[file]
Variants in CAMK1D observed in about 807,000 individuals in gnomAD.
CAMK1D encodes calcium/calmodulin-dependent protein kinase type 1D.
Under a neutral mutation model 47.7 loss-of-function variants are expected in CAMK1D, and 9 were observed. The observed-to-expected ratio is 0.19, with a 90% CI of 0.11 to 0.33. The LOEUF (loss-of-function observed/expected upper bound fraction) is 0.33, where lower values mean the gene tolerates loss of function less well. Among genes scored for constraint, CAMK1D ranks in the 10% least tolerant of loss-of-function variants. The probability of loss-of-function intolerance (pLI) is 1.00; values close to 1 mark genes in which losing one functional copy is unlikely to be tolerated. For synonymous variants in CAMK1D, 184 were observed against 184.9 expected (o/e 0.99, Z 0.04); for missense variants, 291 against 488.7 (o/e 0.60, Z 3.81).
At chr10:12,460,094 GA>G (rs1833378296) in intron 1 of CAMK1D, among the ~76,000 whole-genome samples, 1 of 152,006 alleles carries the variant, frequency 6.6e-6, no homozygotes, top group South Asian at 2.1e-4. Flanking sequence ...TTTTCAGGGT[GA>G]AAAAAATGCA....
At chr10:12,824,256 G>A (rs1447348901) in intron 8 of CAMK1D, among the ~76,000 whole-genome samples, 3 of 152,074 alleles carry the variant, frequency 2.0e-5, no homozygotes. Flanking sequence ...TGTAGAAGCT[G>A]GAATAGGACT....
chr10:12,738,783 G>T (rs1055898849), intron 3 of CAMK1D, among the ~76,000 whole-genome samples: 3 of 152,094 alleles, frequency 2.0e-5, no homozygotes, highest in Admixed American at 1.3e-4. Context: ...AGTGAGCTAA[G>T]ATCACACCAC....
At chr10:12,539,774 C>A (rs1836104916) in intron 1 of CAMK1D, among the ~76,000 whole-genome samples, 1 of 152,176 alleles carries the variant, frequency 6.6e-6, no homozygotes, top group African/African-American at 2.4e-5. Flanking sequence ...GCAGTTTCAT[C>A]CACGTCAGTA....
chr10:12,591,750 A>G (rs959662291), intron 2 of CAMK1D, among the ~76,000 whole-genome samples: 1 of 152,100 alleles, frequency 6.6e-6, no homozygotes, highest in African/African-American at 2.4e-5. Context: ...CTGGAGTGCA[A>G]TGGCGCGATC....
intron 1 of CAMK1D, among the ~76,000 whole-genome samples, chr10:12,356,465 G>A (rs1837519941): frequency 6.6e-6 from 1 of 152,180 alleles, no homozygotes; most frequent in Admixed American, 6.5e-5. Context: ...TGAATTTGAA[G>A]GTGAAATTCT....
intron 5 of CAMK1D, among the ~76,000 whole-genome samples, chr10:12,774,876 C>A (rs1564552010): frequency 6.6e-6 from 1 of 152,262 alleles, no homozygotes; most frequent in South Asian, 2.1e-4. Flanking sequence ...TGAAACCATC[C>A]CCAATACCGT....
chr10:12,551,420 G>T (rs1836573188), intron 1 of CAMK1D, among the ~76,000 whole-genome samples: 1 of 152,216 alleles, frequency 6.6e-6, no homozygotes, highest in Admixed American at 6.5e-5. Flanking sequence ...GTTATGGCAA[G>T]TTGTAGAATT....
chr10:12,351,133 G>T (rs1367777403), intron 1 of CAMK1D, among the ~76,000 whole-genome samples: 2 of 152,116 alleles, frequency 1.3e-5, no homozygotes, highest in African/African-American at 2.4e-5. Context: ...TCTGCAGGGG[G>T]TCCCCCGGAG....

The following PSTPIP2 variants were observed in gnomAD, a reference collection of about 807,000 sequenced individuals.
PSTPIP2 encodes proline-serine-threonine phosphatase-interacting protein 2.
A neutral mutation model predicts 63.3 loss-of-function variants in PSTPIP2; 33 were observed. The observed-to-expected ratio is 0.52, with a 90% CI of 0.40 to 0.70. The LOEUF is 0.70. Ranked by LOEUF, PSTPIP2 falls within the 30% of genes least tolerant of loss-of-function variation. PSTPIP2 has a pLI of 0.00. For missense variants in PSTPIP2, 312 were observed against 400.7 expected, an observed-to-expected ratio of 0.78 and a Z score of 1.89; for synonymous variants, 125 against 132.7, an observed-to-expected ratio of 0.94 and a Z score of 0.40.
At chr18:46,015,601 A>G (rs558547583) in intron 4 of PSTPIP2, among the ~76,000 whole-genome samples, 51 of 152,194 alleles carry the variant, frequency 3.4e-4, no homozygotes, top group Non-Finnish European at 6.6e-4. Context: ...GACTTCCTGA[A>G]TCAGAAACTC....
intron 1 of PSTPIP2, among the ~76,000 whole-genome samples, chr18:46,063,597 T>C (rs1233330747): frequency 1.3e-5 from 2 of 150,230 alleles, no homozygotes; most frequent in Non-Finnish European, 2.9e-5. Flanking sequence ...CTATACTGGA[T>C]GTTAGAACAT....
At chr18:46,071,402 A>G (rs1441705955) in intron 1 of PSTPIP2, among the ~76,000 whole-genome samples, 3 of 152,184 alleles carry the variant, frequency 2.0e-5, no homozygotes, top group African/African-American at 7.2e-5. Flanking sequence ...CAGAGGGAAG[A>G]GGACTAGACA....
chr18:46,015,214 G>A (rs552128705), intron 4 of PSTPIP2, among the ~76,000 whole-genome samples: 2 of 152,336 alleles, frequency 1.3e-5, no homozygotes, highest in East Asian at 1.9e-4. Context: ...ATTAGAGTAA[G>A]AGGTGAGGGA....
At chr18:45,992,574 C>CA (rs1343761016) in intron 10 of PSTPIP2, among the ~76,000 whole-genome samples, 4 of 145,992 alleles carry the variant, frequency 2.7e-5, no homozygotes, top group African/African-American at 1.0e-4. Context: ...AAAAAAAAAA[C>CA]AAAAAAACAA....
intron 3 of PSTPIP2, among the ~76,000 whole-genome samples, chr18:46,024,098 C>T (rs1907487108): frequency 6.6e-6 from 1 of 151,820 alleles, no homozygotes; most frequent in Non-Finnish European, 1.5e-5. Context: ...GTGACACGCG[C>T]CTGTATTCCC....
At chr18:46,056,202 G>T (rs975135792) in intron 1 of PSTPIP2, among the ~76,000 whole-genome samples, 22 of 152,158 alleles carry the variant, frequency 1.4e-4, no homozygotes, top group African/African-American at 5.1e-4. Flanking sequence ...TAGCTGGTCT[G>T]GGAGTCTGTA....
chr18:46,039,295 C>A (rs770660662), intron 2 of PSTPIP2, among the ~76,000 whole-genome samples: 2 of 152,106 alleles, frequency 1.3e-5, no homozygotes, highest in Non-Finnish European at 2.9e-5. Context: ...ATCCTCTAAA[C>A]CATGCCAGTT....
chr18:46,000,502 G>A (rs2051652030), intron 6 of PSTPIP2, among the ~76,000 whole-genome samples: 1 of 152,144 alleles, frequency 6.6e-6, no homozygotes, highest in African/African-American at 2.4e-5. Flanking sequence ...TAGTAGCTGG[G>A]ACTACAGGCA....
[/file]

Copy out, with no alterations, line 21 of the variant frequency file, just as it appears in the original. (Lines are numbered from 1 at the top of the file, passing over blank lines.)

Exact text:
intron 3 of PSTPIP2, among the ~76,000 whole-genome samples, chr18:46,024,098 C>T (rs1907487108): frequency 6.6e-6 from 1 of 151,820 alleles, no homozygotes; most frequent in Non-Finnish European, 1.5e-5. Context: ...GTGACACGCG[C>T]CTGTATTCCC....